I dream of London’s buried waterways,
how the Tyburn crashes through Westminster
trammelled by culverts, a ghost of a ghost.
Bury me somewhere nameless. Let the days
settle underneath leaves. Open the ground,
bury me deeper this time. Let me fall
down where the rivers meet so I can feel
the current without knowing. There’s no sound,
no marble echoes to remember me,
no evidence of parting nor that place
where we are told the waters surface.
I’ll be there when the stream becomes a sea
composed of driftwood, pauses and intent:
beyond the shore, where the waves are silent.
‘Poets’ Corner’ was shortlisted in the 2013 Live Canon International Poetry competition.
Stars hang briefly in the wind,
sand scatters above a youthful sea.
Not even the sky is permanent
however much it seems to be.
Good waves are only ridden once,
never if something’s on your mind.
So much happens in every moment.
So much depends on what we find.
I think I’ll start meditating consistently again. Sometimes I’ve noticed that meditation gives me a feeling like that of being on holiday. (I suspect that the operative word there is ‘being’). It’s only three days into a week off work that I feel relaxed enough to understand my life as a whole, rather than a series of milestones. I think I often mistake this feeling and attribute it to fine dining, alcohol, good weather… or a view of the sea: an unanswerable expanse which makes us feel calm or reflective or alive depending on its own mood.
I’ve also noticed, when meditating, that a memory will often appear out of nowhere. I’m not sure whether this is the busy mind attempting to reassert control, or a kind of reward: the still waters of the mind allowing a peaceful image to surface instead of their usual boisterous demands. This morning the memory was of my seventeen year old self playing computer games in my bedroom with my brother at Christmas. Final Fantasy VII for me, Quake II for him. That’s all. I might record some of these memories here.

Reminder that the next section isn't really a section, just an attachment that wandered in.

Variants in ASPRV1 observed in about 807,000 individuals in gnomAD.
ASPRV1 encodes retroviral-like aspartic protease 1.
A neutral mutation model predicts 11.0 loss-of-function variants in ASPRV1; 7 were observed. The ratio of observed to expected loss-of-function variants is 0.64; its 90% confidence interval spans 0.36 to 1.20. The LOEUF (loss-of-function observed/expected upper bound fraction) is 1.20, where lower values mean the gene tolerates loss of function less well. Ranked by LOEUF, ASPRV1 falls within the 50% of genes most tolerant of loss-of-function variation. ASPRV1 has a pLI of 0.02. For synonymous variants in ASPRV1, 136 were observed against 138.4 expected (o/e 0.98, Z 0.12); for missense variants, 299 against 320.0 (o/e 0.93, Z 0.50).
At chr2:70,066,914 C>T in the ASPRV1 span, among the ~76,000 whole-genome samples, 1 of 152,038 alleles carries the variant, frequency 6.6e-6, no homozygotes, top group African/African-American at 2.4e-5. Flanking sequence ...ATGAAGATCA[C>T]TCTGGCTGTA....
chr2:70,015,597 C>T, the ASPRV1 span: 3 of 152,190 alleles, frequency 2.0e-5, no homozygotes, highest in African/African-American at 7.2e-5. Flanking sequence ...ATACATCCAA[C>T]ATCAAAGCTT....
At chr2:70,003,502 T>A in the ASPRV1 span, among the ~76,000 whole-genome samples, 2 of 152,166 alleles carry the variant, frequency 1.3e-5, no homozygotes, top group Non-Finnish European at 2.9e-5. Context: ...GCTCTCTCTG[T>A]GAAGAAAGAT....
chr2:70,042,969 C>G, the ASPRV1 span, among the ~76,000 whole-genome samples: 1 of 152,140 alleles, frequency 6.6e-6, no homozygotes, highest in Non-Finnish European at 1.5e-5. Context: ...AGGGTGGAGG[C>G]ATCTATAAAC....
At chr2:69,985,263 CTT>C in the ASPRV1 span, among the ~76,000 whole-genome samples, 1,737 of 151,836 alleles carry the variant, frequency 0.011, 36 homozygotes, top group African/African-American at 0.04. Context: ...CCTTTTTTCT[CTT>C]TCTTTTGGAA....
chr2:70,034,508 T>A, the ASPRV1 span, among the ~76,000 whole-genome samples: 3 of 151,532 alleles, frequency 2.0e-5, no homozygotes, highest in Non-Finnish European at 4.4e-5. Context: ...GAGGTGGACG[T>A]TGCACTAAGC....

Here are some brief videos of poems from The Inner Sea filmed on a beach in Cornwall.
Joe Franklin, Hugh Greasley and I are releasing an anthology of our poetry today, The Inner Sea. A printed pamphlet is available (contact me for details) but, for convenience, we’ve also created a pdf to be freely circulated on the web.
If you enjoy the poetry, please pass it on to your friends. In case you’d like to do something similar, I thought I’d quickly outline how we created the pamphlet here.
- The Inner Sea was typeset using free, open source software: Scribus.
- The pamphlet was printed by Book Printing UK, who were very helpful, reasonably priced and efficient. We used 300gsm card for the cover (full colour), 80gsm paper (black and white) for the interior.
- The cover painting is Hugh’s own Equinox Tide, Hayle. You can see more of his art at Hugh Greasley
We needed a banner to fly under and given our tragi-comic affinity with the coast but distance from it, we settled for Landlocked Press.
One perhaps selfish oversight was the lack of an acknowledgements page. We asked Brian Evans-Jones, Hampshire Poet 2012, to write a foreword and he graciously returned something that perfectly defines the project and the time and place in which it all fell together. Proof-reading was undertaken by ourselves and very diligent partners and friends, whom we would like to thank.
I would also like to thank Joe and Hugh. It was Joe who brought our triumvirate together and Hugh’s idea, as I remember, to make our own anthology. Our work in progress and pamphlet planning sessions in Winchester have made what can be a very solitary pursuit much fun. So cheers all, on we go to the next!
“Three quite different styles and sensibilities overlap in this book; let yourself sink into them, seeing what each current brings.” — Brian Evans-Jones, Hampshire Poet 2012.
“Elegant work.” — Stephen Boyce.